A young Indian girl falls in love with a local white cowboy. The racist element in town doesn't approve of that, so they kidnap the girl and gang-rape her. The girl's brother hears about it... See full summary »
By the early '80s, both the mondo and sex hygiene film had largely ridden off into the sunset, with 1978's FACES OF DEATH beginning the transformation of the classic mondo movie into the videostore puke-a-thon it would eventually become, and the marriage manual picture having already gone out of style almost a decade earlier. Leave it to the Golden Era's preeminent erotic auteur to bring back a little bit of both in 1982's CONSENTING ADULTS, a fun and lighthearted look at sexual oddities among the '80s porno elite.
ADULTS opens with a good 10 minutes of footage shot at the 1981 Miss (and Mr.) Nude America contest in LaFayette, Indiana. Profiled five years earlier in the captivating (and unfortunately rarely seen) R-rated doc MISS NUDE America, it's fascinating to view how far things have degenerated in just a few years, with the proceedings feeling more like a tawdry sex bazaar than the moderately wholesome offshoot of '60s sunbathing culture depicted in the earlier film. That said, it's hard not to appreciate the allure of well- formed bodies in the sun, and the treat is further sweetened by footage of the ever-charming Annie Sprinkle kibitzing (in the nude) with fans and admirers.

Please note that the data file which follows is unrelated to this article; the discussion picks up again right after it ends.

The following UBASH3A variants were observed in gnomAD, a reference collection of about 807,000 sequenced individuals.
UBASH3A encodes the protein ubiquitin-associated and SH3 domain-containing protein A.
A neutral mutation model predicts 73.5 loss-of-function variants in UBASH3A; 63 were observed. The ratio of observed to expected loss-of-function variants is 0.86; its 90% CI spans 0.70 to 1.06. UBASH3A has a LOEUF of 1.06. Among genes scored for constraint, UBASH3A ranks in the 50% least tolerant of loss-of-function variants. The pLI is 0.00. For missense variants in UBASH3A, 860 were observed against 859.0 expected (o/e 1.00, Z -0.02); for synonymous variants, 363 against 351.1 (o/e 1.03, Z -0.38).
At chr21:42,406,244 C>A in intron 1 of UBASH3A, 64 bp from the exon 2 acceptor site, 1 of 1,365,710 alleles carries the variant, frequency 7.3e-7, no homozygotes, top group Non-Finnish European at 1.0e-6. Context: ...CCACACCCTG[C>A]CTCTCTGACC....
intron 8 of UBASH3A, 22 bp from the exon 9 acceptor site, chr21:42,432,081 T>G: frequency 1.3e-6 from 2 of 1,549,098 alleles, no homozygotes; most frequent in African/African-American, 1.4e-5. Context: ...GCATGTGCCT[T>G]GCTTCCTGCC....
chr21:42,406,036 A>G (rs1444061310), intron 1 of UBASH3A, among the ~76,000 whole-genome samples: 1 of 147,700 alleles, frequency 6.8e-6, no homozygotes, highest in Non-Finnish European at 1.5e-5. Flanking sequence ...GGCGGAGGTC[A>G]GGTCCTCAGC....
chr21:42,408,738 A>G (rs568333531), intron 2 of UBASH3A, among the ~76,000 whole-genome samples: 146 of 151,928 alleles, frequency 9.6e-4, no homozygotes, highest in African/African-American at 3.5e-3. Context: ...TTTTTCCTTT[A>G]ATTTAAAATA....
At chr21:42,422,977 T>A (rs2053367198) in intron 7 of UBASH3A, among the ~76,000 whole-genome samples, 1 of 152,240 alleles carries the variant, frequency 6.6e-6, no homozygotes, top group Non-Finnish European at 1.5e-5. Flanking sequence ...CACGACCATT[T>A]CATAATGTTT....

Following this surprisingly lengthy sex-free introduction, the film moves to hosts Sprinkle and Veronica Anton, who welcome the viewer in direct address and promise myriad unique erotic displays to come. The film then progresses through a grab bag of sequences, each showcasing something more or less unusual. The first scene, featuring a late-career performance from a gaunt- looking (and blond!) Marc Stevens, finds Mr. 10 1/2 as a masturbating voyeur who eventually joins in on another couple, while future sequences feature light BDSM and transvestism, transsexuals, Ron Jeremy giving Sharon Mitchell blow job tips, and, finally, a couple sex show performers ushering their audience into some group action onstage. Tossed in between are several more soft core vignettes, including a striptease from Annette Heinz (supposedly making her film debut) and a cringe-inducing clitoral piercing, shown in graphic close-up (yikes!).
Despite its decidedly hodgepodge nature, Damiano keeps the film buoyant with a positive and affirming attitude. True to its title, ADULTS is a showcase for the activities consenting parties get up to in their private (and not-so-private) erotic lives, and as such, its air of positivity is strangely infectious (the catchy theme song doesn't hurt, either). While far from a milestone of celluloid erotica, the film is nevertheless breezy and unique enough to stand out, and flies by at 76 minutes where so much of its competition would drag on interminably. For that alone it deserves recommendation, and it marks a solid late-career turn for Damiano of which he should certainly have been proud.
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